• Measure. The measure phase of DMAIC provides detailed guidance for measurement results planning, data collection, and data integrity. CMMI MA specifies practices for measurement specification, data collection, and storage procedures that include activities designed to ensure data integrity. While LSS designates how these actions should take place, and CMMI leaves the method up to the practitioner (as long as the process is defined and repeatable), the two approaches can be synergistic. Methods such as the SEI Goal-Question-Indicator-Measure (GQIM) process can be used to satisfy both CMMI and LSS approaches to measurement specification, collection, and storage. A version of the GQIM process modified for the Agile-based JIRA tool is given in Figure 5.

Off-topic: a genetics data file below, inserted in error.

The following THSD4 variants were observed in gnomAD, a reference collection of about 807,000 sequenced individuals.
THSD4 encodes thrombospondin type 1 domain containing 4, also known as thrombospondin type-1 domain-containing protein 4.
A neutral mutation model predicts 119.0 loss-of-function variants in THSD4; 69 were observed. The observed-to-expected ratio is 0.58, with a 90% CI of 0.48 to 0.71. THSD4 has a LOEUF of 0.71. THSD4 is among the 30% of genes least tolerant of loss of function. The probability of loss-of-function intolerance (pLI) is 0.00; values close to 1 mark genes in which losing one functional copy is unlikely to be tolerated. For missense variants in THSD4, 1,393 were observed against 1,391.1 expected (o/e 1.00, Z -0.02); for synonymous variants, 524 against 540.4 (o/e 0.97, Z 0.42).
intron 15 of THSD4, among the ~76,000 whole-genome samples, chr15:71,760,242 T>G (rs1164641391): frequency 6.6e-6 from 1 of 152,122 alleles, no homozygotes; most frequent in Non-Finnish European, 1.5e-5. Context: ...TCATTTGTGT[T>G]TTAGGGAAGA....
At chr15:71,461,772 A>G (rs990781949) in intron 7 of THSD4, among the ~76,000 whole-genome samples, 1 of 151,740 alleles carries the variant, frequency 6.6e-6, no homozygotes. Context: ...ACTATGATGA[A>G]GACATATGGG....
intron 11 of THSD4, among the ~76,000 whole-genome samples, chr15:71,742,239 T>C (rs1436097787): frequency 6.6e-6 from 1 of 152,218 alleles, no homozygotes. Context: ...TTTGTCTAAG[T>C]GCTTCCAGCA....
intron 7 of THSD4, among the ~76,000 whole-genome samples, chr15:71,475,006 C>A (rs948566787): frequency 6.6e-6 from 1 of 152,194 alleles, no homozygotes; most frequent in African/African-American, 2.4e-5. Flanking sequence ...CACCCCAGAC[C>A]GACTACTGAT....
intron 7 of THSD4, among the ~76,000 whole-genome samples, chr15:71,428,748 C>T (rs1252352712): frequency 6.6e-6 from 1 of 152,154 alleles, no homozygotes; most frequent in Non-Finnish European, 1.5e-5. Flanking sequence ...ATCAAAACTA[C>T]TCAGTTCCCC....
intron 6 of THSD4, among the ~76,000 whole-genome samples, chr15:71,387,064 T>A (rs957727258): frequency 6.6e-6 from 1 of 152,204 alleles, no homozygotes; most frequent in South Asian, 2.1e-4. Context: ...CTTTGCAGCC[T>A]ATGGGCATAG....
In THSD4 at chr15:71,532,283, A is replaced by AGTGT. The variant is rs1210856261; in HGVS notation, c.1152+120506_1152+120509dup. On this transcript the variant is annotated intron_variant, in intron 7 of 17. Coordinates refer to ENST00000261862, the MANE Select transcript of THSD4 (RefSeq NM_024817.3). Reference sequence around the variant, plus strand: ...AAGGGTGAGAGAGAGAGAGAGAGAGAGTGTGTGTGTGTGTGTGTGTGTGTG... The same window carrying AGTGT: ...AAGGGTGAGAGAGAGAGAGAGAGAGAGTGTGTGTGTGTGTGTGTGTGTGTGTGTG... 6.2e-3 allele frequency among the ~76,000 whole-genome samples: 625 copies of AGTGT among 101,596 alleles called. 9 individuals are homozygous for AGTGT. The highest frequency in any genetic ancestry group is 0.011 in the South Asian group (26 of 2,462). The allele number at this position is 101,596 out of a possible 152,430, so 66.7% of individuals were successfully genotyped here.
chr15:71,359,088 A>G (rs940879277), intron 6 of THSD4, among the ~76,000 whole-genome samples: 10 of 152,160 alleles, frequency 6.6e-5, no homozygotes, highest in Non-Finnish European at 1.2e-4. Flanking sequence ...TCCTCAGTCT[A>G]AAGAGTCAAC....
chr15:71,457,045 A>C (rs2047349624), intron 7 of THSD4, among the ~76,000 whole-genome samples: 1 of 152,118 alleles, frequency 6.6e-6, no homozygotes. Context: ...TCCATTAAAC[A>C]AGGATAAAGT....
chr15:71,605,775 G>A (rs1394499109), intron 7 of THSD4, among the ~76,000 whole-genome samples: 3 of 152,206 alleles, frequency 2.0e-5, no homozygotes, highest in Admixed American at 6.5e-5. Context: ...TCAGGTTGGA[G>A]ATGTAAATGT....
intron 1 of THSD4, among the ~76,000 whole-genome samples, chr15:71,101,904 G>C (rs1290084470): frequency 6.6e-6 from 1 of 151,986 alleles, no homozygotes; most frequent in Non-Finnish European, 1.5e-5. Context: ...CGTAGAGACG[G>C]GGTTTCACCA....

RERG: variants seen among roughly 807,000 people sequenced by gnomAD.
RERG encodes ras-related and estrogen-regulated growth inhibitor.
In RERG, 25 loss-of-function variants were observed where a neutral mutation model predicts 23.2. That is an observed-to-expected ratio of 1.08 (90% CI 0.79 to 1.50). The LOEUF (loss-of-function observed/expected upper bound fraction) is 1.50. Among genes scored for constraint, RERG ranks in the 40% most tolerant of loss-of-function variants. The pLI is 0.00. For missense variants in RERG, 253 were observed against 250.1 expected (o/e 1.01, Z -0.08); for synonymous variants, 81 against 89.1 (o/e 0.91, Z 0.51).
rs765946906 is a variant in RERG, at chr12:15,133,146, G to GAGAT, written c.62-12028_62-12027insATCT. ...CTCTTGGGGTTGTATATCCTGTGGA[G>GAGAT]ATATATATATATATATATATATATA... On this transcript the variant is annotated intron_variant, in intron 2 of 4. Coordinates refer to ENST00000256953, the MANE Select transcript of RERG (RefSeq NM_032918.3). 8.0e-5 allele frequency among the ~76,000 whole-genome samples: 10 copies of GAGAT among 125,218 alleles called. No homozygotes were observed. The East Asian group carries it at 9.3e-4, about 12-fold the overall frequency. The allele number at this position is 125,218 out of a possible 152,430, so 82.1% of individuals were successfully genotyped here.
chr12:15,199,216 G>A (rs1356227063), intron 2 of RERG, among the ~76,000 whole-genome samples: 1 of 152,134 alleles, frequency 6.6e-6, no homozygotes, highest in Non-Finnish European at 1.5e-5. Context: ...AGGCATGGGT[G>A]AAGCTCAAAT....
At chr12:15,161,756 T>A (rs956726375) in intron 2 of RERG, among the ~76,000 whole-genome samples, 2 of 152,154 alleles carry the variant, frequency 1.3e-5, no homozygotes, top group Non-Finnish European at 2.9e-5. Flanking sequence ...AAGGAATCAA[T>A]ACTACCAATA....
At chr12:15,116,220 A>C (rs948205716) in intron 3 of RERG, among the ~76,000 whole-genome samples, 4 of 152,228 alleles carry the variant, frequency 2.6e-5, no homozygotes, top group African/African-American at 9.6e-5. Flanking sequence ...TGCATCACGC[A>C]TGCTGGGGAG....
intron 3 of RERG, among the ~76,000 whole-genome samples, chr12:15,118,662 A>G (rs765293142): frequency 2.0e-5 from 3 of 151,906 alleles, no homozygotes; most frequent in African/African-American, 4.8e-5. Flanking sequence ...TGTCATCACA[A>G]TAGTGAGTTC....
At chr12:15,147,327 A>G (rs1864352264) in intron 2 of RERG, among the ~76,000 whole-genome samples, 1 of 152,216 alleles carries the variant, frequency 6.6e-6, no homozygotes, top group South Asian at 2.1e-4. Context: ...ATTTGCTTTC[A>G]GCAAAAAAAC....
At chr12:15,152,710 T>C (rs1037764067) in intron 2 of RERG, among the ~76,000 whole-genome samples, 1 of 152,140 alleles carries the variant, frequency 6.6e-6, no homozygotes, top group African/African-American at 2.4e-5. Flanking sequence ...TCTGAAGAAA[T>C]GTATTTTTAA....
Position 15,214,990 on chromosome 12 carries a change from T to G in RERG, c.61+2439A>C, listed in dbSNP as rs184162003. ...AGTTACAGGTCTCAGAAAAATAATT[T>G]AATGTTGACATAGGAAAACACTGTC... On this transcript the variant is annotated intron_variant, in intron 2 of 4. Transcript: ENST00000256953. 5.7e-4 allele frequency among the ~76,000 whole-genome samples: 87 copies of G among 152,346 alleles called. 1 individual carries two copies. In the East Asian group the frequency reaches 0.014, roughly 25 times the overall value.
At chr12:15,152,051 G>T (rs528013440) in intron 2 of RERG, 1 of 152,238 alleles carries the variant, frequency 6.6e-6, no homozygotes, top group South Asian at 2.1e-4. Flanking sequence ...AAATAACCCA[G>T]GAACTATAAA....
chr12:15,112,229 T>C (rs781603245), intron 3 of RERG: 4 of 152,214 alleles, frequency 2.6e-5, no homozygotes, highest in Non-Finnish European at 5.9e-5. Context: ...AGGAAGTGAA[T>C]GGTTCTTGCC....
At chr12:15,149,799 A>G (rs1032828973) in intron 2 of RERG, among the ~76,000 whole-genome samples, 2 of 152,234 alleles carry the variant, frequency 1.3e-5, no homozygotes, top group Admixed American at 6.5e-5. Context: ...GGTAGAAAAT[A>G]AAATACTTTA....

The combination of CMMI and use of organizational measurement processes currently provides the "how" and "when" aspects that advocates of LSS infer. Expansion of MA efforts to include the benefits associated with causal analysis resolution and quantitative project management will further this connection.

• Analyze. The analyze phase of DMAIC encompasses the activities envisioned by the MA requirement to specify and conduct analysis procedures. While DMAIC provides detailed analysis guidance, and CMMI processes leave such decisions up to the practitioner, relative CMMI MA direction is given within project measurement plans. The CMMI practice of using Operational Definitions for each specified metric helps define the supported goal, collection/storage criteria and simple to complex review techniques. Therefore, any specific instructions and criteria demanded by an LSS application can be easily incorporated into the CMMI MA operational definition framework, and efficiencies inherent to each method will only strengthen project analysis procedures.

• Improve. In general, leveraging both the managed and repeatable benefits associated with MA, and the laser-targeted results of LSS, will provide the organization with tools to achieve the project’s established quality and process performance objectives.